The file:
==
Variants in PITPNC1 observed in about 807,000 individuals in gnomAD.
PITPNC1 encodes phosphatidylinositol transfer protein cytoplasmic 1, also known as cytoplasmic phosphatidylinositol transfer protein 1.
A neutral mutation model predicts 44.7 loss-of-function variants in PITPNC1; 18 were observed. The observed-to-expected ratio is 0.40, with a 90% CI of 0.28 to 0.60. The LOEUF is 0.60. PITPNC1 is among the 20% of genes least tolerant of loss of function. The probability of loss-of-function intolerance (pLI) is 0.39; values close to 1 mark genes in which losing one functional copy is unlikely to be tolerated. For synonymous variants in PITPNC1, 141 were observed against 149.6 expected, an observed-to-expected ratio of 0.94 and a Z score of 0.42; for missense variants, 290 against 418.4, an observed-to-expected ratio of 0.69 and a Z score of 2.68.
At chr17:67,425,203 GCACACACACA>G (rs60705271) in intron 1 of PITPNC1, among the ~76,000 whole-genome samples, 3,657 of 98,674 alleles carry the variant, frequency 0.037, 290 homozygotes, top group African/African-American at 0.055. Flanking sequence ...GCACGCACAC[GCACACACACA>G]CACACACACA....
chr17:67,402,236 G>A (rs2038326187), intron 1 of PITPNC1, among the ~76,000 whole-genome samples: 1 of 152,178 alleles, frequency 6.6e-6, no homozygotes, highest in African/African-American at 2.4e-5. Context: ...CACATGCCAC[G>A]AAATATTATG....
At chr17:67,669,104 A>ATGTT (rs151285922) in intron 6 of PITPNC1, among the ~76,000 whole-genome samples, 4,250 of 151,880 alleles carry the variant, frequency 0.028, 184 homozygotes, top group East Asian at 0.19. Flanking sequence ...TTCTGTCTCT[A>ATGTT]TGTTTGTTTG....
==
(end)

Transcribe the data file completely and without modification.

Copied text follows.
Variants in PITPNC1 observed in about 807,000 individuals in gnomAD.
PITPNC1 encodes phosphatidylinositol transfer protein cytoplasmic 1, also known as cytoplasmic phosphatidylinositol transfer protein 1.
A neutral mutation model predicts 44.7 loss-of-function variants in PITPNC1; 18 were observed. The observed-to-expected ratio is 0.40, with a 90% CI of 0.28 to 0.60. The LOEUF is 0.60. PITPNC1 is among the 20% of genes least tolerant of loss of function. The probability of loss-of-function intolerance (pLI) is 0.39; values close to 1 mark genes in which losing one functional copy is unlikely to be tolerated. For synonymous variants in PITPNC1, 141 were observed against 149.6 expected, an observed-to-expected ratio of 0.94 and a Z score of 0.42; for missense variants, 290 against 418.4, an observed-to-expected ratio of 0.69 and a Z score of 2.68.
At chr17:67,425,203 GCACACACACA>G (rs60705271) in intron 1 of PITPNC1, among the ~76,000 whole-genome samples, 3,657 of 98,674 alleles carry the variant, frequency 0.037, 290 homozygotes, top group African/African-American at 0.055. Flanking sequence ...GCACGCACAC[GCACACACACA>G]CACACACACA....
chr17:67,402,236 G>A (rs2038326187), intron 1 of PITPNC1, among the ~76,000 whole-genome samples: 1 of 152,178 alleles, frequency 6.6e-6, no homozygotes, highest in African/African-American at 2.4e-5. Context: ...CACATGCCAC[G>A]AAATATTATG....
At chr17:67,669,104 A>ATGTT (rs151285922) in intron 6 of PITPNC1, among the ~76,000 whole-genome samples, 4,250 of 151,880 alleles carry the variant, frequency 0.028, 184 homozygotes, top group East Asian at 0.19. Flanking sequence ...TTCTGTCTCT[A>ATGTT]TGTTTGTTTG....